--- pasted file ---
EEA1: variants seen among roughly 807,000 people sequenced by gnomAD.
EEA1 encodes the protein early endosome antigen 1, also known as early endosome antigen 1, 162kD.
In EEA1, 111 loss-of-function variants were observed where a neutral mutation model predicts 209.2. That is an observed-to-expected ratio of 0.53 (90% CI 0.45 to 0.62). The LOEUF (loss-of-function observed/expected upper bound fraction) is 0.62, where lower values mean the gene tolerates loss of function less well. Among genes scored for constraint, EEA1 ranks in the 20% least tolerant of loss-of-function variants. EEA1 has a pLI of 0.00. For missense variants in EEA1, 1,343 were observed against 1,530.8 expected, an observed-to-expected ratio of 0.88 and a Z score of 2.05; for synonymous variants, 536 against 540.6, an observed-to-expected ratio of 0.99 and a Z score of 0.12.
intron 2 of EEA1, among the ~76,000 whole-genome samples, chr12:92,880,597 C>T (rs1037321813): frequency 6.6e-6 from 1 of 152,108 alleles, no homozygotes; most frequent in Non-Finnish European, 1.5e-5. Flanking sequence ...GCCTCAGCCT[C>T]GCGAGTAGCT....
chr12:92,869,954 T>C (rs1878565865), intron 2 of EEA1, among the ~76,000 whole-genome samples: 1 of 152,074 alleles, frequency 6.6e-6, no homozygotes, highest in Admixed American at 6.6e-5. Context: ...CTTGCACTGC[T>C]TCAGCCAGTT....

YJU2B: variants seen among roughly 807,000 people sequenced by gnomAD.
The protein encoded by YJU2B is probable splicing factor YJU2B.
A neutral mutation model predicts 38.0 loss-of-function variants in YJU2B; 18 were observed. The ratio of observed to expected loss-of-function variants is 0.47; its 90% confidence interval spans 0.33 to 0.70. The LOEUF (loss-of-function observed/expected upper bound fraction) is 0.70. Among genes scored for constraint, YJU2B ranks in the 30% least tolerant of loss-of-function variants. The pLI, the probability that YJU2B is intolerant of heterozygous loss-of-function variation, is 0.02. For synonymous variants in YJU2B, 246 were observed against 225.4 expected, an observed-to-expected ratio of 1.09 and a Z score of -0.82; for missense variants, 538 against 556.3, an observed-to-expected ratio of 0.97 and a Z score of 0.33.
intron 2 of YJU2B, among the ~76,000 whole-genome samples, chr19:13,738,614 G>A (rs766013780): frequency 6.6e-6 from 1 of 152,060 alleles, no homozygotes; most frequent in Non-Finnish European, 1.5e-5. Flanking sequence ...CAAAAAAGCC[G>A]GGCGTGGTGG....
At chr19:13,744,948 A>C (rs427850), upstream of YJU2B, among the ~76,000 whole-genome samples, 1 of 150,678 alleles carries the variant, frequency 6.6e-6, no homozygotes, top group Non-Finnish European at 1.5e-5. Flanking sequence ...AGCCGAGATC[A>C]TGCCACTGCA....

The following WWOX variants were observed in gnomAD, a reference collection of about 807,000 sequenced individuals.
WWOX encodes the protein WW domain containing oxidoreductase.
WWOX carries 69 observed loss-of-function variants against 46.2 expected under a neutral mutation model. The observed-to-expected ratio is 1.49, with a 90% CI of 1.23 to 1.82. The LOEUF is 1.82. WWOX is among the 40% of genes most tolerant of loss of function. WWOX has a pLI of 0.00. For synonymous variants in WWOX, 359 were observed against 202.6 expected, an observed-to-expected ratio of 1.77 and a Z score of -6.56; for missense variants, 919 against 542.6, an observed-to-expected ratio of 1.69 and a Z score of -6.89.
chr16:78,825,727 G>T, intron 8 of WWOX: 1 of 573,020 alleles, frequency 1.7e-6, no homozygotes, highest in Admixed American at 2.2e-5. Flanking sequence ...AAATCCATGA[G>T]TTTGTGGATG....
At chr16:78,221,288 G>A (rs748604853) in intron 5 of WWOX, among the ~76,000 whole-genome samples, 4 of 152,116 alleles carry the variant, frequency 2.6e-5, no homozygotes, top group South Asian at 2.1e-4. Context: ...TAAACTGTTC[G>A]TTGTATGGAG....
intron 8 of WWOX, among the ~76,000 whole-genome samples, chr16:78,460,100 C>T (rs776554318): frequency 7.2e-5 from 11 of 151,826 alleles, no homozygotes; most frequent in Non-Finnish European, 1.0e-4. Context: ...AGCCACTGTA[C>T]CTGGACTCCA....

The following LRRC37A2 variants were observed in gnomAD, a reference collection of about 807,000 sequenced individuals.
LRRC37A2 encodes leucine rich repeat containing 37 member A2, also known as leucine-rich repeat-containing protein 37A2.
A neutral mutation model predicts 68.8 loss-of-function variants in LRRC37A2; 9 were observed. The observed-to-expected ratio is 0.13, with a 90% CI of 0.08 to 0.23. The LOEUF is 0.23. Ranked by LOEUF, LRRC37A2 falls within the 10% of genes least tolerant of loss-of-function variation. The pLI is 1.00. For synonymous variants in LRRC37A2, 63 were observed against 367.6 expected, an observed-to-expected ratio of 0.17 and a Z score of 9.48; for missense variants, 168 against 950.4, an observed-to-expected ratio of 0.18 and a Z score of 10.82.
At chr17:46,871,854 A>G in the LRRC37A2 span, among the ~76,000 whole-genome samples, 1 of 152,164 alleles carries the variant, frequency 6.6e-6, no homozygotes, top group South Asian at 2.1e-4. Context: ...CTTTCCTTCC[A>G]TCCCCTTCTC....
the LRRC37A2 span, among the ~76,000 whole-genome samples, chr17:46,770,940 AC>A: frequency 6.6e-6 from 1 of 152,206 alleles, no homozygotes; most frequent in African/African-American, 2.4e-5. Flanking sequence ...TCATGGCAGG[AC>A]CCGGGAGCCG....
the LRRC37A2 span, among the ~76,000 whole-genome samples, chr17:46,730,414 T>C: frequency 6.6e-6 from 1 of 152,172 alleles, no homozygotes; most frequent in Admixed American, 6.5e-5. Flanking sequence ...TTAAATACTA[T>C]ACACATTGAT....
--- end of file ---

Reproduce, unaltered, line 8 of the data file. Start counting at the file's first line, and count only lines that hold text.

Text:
A neutral mutation model predicts 38.0 loss-of-function variants in YJU2B; 18 were observed. The ratio of observed to expected loss-of-function variants is 0.47; its 90% confidence interval spans 0.33 to 0.70. The LOEUF (loss-of-function observed/expected upper bound fraction) is 0.70. Among genes scored for constraint, YJU2B ranks in the 30% least tolerant of loss-of-function variants. The pLI, the probability that YJU2B is intolerant of heterozygous loss-of-function variation, is 0.02. For synonymous variants in YJU2B, 246 were observed against 225.4 expected, an observed-to-expected ratio of 1.09 and a Z score of -0.82; for missense variants, 538 against 556.3, an observed-to-expected ratio of 0.97 and a Z score of 0.33.